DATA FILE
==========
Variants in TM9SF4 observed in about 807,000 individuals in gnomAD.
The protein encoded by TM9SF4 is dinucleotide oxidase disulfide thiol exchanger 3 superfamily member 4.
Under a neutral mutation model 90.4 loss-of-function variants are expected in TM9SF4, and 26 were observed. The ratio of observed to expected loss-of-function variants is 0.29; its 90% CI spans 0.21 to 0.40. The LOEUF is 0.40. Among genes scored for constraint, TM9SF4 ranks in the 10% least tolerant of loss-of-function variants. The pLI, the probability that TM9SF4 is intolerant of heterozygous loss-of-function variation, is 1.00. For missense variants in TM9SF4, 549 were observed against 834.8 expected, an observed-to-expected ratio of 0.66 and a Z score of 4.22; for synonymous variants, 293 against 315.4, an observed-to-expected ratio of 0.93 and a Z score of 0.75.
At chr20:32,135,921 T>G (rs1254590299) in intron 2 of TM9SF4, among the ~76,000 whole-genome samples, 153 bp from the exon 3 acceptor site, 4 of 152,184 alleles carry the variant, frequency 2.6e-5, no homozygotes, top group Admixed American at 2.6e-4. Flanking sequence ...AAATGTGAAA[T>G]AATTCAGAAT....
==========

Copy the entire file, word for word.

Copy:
Variants in TM9SF4 observed in about 807,000 individuals in gnomAD.
The protein encoded by TM9SF4 is dinucleotide oxidase disulfide thiol exchanger 3 superfamily member 4.
Under a neutral mutation model 90.4 loss-of-function variants are expected in TM9SF4, and 26 were observed. The ratio of observed to expected loss-of-function variants is 0.29; its 90% CI spans 0.21 to 0.40. The LOEUF is 0.40. Among genes scored for constraint, TM9SF4 ranks in the 10% least tolerant of loss-of-function variants. The pLI, the probability that TM9SF4 is intolerant of heterozygous loss-of-function variation, is 1.00. For missense variants in TM9SF4, 549 were observed against 834.8 expected, an observed-to-expected ratio of 0.66 and a Z score of 4.22; for synonymous variants, 293 against 315.4, an observed-to-expected ratio of 0.93 and a Z score of 0.75.
At chr20:32,135,921 T>G (rs1254590299) in intron 2 of TM9SF4, among the ~76,000 whole-genome samples, 153 bp from the exon 3 acceptor site, 4 of 152,184 alleles carry the variant, frequency 2.6e-5, no homozygotes, top group Admixed American at 2.6e-4. Flanking sequence ...AAATGTGAAA[T>G]AATTCAGAAT....